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Hospice Fact Sheet

Hospice Assocation of America

What's NewWhat is Hospice?

Hospice care involves a core interdisciplinary team of professionals and volunteers who provide medical, psychological, and spiritual support to the terminally ill, as well as support for the patient's family. The care is primarily based in the home, enabling families to remain together in peace, comfort, and dignity.

What Are the Advantages of Hospice Care?

  • Hospice care is a cost-effective alternative to the high costs associated with hospitals and traditional institutional care.
  • Hospice care allows terminally ill patients and their families to remain together in the comfort and dignity of their home.
  • Hospice care relies on the combined knowledge and skill of an interdisciplinary team of professionals, including physicians, nurses, home care aides, social workers, counselors, and volunteers.
  • Hospice is the preferred choice of health care delivery for the terminally ill and their families.
  • Hospice treats the person, not the disease; focuses on the family, not the individual; and emphasizes the quality of life, not the duration.

When Was the First Hospice Established?

While the hospice concept dates back to ancient times, the American hospice movement did not begin until the 1960s. The first hospice in this country, The Connecticut Hospice, Inc., began providing in-home services in March 1974. The National Cancer Institute funded it for its first three years.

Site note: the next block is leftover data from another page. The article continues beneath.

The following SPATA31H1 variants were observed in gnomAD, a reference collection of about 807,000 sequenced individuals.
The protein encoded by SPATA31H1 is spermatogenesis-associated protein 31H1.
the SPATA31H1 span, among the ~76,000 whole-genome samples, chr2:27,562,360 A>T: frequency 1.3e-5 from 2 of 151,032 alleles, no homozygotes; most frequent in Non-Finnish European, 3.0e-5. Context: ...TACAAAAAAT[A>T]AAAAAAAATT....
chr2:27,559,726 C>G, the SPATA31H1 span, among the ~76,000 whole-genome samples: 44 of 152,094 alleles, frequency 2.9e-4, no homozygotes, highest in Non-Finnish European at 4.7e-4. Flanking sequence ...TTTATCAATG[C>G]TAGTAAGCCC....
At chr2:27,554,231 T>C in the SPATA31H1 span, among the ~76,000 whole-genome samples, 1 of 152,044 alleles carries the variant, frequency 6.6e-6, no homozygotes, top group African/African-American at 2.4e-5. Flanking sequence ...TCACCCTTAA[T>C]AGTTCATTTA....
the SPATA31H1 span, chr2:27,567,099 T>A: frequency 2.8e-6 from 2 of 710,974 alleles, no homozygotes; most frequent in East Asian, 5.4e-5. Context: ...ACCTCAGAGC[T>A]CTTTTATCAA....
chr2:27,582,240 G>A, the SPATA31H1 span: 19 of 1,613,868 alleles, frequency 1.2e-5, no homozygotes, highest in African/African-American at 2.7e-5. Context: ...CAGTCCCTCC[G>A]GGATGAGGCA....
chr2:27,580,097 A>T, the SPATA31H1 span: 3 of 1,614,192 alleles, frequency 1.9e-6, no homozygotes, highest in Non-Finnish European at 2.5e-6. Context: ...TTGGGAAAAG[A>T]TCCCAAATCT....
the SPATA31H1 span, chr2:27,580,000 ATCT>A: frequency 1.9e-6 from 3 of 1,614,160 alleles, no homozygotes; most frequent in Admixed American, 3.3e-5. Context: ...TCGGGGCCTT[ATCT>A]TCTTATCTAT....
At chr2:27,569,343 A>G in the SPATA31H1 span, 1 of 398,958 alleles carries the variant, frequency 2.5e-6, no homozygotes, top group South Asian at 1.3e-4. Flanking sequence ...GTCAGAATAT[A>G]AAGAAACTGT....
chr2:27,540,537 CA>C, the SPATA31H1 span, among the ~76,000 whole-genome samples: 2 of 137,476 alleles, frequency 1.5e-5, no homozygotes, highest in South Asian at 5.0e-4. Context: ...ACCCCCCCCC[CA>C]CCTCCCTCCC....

How Many Hospices Exist Today?

Medicare hospice participation has grown at a dramatic rate, largely as a result of a 1989 Congressional mandate (PL 101-239, ยง6005) to increase reimbursement rates by 20%. The number of hospices participating in Medicare increased from 31 in 1984 to 3,257 in 2007. This number consists of 627 home health agency-based hospices, 562 hospital-based hospices, 18 skilled nursing facility-based hospices, and 2,050 freestanding hospices.

What Is the Future of Hospice Care?

The need for hospice services will continue to rise due to the growing aging population and the rising health care costs. More importantly, medical professionals, as well as the general public are choosing hospice over other forms of health care delivery because of its holistic, patient-family, in-home centered philosophy.

Who Pays for Hospice Care?

Hospice services are covered under Medicare, and currently 48 states offer hospice care as an option under their Medicaid programs. In addition, hospice care is a covered benefit under most private insurance plans, HMOs, and other managed care organizations. Military personnel and their dependents are covered for hospice under CHAMPUS. Hospices continue to rely heavily on grants and community support to fund un-reimbursed care and hospice services for patients with little or no insurance.


Hospice Association of America
228 Seventh Street, SE
Washington, DC 20003
Phone: (202) 546-4759
Fax: (202) 547-9559

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